“I simply can’t bear fools.” “Apparently, your mother could.”

Dorothy Parker? An old farmer? A young newspaper editor? Bennett Cerf?

Dear Quote Investigator: Recently when a friend delivered a clever retort I told her it was worthy of Dorothy Parker, but she did not recognize the name. I love Parker’s witticisms and am sad that her fame is going into eclipse.  The prominent publisher and joke collector Bennett Cerf told an anecdote about Parker on a cruise ship that I relayed to my friend [BCDP]:

A drunk on the boat developed an unrequited passion for her; Dorothy referred to him as a “rhinestone in the rough.” On one occasion he assured her, “I simply can’t bear fools.” “Apparently,” said Miss Parker, “your mother did not have the same difficulty.”

My skeptical friend wondered if these quips were created by Dorothy Parker. I assumed that they were. Could you look into these jests?

Quote Investigator: The cleverness of Parker was attested to by many admirers, and she may have delivered the lines in Cerf’s anecdote. But the two jokes have a long history, and she did not craft either of them.

The famous short story writer O. Henry used the phrase “rhinestone-in-the-rough” which is a comical twist on the phrase “diamond in the rough” in a tale in “McClure’s magazine” in 1904. Since Parker was only born in 1893 she was too young to be the originator of the expression. A version of the joke about bearing fools was told decades earlier in the periodical “Ballou’s Pictorial Drawing-Room Companion” in 1858.

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She Speaks Eighteen Languages, and Can’t Say “No” in Any of Them

Who Said the Quote? Dorothy Parker? Richard Henry Little? Alexander Woollcott?

Who was the Polyglot? Winifred Stackville Stoner? Merle Oberon?

Dear Quote Investigator: My question differs from most. Here is a quotation of admiration with a stinger that I would like you to investigate:

That woman speaks eighteen languages, and can’t say “No” in any of them.

Dorothy Parker receives credit for this quip in multiple reference books. What interests me is the identity of the polyglot woman. Can you figure out who Parker was talking about?

Quote Investigator: Like many of the sayings assigned to Parker that have persisted in the cultural milieu this phrase is risqué. The earliest attribution of the quote to Parker located by QI occurs in 1933.

But QI has also found an earlier citation for a close variant of this joke in 1931 that is not credited to Parker. The witticism was written by a Chicago Tribune columnist, Richard Henry Little, who was writing about a former child prodigy named Winifred Stackville Stoner, Jr. The text of the article reveals a different interpretation to the notion of saying “No”. Little’s gag is not focused on promiscuity; instead, it refers to multiple marriages [RLWS]:

… it was proudly proclaimed that Winifred could speak twelve languages. But apparently Winifred never learned to say “No” in any of them and hiked up to the altar as fast as anybody suggested the idea.

It is possible that Little heard a joke from Parker and then modified it to create a less provocative version that applied to Winifred Stackville Stoner. Alternatively, Little’s jest may have been modified to create a ribald version that fit the wisecracking persona of Parker.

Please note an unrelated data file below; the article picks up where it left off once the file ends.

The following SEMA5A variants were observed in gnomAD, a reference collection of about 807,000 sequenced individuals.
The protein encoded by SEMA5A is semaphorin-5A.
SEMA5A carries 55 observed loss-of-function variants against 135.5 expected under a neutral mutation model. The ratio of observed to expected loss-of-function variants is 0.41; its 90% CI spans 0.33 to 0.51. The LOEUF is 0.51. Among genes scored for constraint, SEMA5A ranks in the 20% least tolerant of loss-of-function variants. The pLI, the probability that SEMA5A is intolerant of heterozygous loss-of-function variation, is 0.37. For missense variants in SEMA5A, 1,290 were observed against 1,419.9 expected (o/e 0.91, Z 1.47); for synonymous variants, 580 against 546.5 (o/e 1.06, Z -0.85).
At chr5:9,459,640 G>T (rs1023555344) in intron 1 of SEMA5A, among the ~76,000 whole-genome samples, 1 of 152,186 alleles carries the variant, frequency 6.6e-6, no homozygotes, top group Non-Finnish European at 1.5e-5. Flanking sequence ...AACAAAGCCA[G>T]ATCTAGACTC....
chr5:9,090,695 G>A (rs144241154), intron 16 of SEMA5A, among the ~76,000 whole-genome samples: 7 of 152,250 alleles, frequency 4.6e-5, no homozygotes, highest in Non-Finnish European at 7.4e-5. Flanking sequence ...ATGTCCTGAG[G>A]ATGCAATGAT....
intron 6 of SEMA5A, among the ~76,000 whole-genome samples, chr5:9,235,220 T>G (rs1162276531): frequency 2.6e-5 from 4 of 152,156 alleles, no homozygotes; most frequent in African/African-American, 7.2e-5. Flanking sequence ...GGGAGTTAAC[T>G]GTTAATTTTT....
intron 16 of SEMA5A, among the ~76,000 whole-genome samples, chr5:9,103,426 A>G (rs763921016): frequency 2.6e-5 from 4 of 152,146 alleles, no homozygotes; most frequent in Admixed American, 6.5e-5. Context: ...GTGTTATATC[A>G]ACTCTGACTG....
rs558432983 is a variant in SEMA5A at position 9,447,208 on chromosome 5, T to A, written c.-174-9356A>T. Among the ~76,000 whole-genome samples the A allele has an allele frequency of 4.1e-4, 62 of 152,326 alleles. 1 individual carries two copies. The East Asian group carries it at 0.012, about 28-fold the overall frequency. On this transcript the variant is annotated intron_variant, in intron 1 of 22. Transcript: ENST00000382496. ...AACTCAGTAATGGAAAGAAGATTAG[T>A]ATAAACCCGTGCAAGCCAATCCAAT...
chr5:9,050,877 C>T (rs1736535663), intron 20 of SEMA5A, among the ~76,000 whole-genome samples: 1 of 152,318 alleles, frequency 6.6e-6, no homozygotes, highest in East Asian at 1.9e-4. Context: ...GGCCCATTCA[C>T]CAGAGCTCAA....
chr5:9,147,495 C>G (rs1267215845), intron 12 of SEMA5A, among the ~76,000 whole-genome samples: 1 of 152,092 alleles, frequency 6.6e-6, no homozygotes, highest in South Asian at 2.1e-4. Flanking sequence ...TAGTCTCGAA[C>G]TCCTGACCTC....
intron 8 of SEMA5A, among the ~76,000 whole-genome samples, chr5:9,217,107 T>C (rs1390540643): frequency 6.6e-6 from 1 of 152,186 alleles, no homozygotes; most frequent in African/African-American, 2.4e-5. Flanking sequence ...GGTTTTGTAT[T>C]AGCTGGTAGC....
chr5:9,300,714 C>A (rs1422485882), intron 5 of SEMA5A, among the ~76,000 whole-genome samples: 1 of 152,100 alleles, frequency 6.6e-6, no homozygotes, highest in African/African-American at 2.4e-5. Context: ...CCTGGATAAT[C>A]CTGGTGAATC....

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“Our host certainly is outspoken.” “Outspoken by whom?”

Dorothy Parker? Punch Humor Magazine? Sally’s Sallies Comic Strip? Ann Landers?

Dear Quote Investigator: Previously you discussed a quote of Dorothy Parker’s which was self-critical, but she also directed her barbs at others. Here is an example [LWO]:

When a garrulous old battle-ax was praised as “outspoken,” Mrs. Parker raised an eyebrow to take dead aim: “Outspoken? By whom?”

I would like to know if Parker really said this, and if she did who was the “battle-ax”?  Could you trace this quotation?

Quote Investigator: Yes, QI will attempt to locate examples of this quip, but the targets of witty remarks sometimes remain anonymous in newspaper accounts.

QI has found citations for this word-play joke that show it is more than one-hundred years old. Thus, it predates the seminal Algonquin Round table period. The quip is first attributed to Dorothy Parker on or before 1944. Here are selected citations in reverse-chronological order.

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I was the Toast of Two Continents: Greenland and Australia

Dorothy Parker? Robert Benchley? Frank Sullivan?

Dear Quote Investigator: The writer Dorothy Parker was famous for her clever and barbed witticisms. Her remarks were often aimed at others, but sometimes she laughed at herself with a self-deprecating comment. I particularly enjoy the statement she made when asked about her fame:

Yes, I once was the toast of two continents: Greenland and Australia.

I laughed when I heard this, but then I began to wonder. Greenland is not really a continent, and Parker must have known this fact. Maybe this picayune detail is irrelevant, but maybe it shows that this quote is a fake. Perhaps Dorothy Parker never said it. Would you please investigate this quote?

Quote Investigator: Yes, QI will examine this saying for you. It is true that Greenland is not a continent, but it is the largest island that is not a continent, and QI still thinks that the joke is funny. Nevertheless, there is evidence that Parker originally told a different version of this joke. Specifically, Parker is quoted in 1956 stating that she was the toast of two continents. But the two continents that she names differ from the two geographical regions mentioned in the quotation above.

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